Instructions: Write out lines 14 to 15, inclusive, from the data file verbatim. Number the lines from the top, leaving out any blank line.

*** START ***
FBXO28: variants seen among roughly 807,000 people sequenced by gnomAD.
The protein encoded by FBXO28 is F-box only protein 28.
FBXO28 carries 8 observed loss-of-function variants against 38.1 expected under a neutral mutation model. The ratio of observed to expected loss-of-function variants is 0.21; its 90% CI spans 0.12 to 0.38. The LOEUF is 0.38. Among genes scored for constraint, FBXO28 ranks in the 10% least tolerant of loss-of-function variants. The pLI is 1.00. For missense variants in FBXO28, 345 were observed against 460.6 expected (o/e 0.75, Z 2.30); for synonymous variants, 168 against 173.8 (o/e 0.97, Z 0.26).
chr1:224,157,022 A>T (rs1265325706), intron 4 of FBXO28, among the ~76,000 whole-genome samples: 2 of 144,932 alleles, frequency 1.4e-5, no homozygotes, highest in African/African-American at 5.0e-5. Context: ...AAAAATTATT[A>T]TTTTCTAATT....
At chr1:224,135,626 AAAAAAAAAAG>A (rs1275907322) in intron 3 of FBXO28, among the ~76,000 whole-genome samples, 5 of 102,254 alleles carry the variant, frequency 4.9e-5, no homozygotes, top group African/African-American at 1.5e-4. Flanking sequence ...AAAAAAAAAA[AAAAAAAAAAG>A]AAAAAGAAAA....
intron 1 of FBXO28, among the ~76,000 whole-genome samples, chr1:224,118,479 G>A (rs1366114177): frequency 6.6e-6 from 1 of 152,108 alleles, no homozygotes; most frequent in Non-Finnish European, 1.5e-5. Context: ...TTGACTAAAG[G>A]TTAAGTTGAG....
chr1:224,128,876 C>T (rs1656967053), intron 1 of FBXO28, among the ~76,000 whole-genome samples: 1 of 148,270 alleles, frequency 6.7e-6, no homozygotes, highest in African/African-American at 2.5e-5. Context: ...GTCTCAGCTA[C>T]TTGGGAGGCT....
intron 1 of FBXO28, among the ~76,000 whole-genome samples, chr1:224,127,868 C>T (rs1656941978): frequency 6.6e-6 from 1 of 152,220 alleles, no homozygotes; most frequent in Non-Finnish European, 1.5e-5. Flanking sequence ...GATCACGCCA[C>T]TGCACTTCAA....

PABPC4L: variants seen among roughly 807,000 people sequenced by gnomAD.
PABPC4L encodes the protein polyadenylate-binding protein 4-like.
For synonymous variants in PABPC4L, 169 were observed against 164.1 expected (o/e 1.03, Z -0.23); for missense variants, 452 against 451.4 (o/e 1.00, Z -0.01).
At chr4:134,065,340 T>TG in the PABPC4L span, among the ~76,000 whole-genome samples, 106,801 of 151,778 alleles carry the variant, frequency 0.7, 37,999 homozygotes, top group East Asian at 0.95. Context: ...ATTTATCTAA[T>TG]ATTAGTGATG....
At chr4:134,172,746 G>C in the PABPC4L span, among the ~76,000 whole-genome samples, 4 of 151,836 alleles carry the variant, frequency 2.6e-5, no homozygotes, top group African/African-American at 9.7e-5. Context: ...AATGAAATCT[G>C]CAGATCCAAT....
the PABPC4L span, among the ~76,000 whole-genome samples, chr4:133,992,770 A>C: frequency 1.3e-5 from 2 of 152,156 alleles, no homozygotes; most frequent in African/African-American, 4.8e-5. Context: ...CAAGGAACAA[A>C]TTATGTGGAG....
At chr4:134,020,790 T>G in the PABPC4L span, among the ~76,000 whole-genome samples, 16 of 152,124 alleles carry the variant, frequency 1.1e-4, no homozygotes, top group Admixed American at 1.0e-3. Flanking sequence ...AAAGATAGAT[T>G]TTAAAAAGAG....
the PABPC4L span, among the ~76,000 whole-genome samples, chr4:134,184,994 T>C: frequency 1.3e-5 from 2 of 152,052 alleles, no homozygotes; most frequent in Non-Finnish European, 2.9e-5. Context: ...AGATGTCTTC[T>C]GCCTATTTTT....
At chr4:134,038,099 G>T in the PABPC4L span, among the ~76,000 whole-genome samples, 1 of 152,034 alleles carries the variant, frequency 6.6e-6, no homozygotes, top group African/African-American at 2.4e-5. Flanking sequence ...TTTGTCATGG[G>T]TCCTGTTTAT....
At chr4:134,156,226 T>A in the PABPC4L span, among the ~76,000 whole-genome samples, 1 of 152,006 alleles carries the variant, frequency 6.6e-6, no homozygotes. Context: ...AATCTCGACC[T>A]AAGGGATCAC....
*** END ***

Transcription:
the PABPC4L span, among the ~76,000 whole-genome samples, chr4:133,992,770 A>C: frequency 1.3e-5 from 2 of 152,156 alleles, no homozygotes; most frequent in African/African-American, 4.8e-5. Context: ...CAAGGAACAA[A>C]TTATGTGGAG....
At chr4:134,020,790 T>G in the PABPC4L span, among the ~76,000 whole-genome samples, 16 of 152,124 alleles carry the variant, frequency 1.1e-4, no homozygotes, top group Admixed American at 1.0e-3. Flanking sequence ...AAAGATAGAT[T>G]TTAAAAAGAG....